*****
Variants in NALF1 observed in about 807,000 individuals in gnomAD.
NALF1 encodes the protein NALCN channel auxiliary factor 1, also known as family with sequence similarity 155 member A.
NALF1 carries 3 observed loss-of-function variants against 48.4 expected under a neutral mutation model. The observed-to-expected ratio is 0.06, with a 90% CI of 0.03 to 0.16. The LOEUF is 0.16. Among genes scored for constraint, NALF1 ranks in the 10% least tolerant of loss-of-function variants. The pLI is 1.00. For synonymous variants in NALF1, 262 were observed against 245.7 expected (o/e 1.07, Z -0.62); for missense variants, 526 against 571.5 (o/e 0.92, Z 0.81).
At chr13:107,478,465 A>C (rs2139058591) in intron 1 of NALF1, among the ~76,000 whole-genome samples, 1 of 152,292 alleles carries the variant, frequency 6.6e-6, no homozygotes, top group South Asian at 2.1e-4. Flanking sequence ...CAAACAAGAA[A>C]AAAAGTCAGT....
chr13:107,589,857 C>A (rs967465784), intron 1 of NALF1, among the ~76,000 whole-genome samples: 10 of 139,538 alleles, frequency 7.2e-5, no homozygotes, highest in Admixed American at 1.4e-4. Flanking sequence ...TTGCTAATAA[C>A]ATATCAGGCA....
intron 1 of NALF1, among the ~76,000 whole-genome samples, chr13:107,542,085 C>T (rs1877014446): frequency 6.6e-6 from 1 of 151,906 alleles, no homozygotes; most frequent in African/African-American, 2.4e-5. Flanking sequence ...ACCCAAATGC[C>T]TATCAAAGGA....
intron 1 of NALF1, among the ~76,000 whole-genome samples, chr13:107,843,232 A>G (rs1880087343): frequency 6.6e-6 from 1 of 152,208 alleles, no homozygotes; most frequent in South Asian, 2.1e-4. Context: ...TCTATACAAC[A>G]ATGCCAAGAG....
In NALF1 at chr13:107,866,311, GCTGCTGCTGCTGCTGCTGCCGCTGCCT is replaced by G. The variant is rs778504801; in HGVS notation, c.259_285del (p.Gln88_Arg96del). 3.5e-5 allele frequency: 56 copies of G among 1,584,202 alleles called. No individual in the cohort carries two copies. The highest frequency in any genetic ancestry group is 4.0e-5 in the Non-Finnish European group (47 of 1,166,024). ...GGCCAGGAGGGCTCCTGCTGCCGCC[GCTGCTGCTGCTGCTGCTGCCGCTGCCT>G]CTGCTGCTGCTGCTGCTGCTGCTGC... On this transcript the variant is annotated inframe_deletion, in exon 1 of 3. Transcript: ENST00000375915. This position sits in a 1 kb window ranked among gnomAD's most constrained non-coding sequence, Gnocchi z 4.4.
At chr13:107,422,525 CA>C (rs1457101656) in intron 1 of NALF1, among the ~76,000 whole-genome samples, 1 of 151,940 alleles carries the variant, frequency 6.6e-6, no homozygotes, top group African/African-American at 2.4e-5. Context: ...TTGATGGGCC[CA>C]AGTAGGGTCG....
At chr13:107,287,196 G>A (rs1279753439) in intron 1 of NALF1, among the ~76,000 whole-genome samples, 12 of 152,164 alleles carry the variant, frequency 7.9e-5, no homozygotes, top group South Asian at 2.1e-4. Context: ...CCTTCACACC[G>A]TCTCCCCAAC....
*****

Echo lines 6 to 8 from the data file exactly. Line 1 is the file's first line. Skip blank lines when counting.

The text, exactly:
intron 1 of NALF1, among the ~76,000 whole-genome samples, chr13:107,542,085 C>T (rs1877014446): frequency 6.6e-6 from 1 of 151,906 alleles, no homozygotes; most frequent in African/African-American, 2.4e-5. Flanking sequence ...ACCCAAATGC[C>T]TATCAAAGGA....
intron 1 of NALF1, among the ~76,000 whole-genome samples, chr13:107,843,232 A>G (rs1880087343): frequency 6.6e-6 from 1 of 152,208 alleles, no homozygotes; most frequent in South Asian, 2.1e-4. Context: ...TCTATACAAC[A>G]ATGCCAAGAG....
In NALF1 at chr13:107,866,311, GCTGCTGCTGCTGCTGCTGCCGCTGCCT is replaced by G. The variant is rs778504801; in HGVS notation, c.259_285del (p.Gln88_Arg96del). 3.5e-5 allele frequency: 56 copies of G among 1,584,202 alleles called. No individual in the cohort carries two copies. The highest frequency in any genetic ancestry group is 4.0e-5 in the Non-Finnish European group (47 of 1,166,024). ...GGCCAGGAGGGCTCCTGCTGCCGCC[GCTGCTGCTGCTGCTGCTGCCGCTGCCT>G]CTGCTGCTGCTGCTGCTGCTGCTGC... On this transcript the variant is annotated inframe_deletion, in exon 1 of 3. Transcript: ENST00000375915. This position sits in a 1 kb window ranked among gnomAD's most constrained non-coding sequence, Gnocchi z 4.4.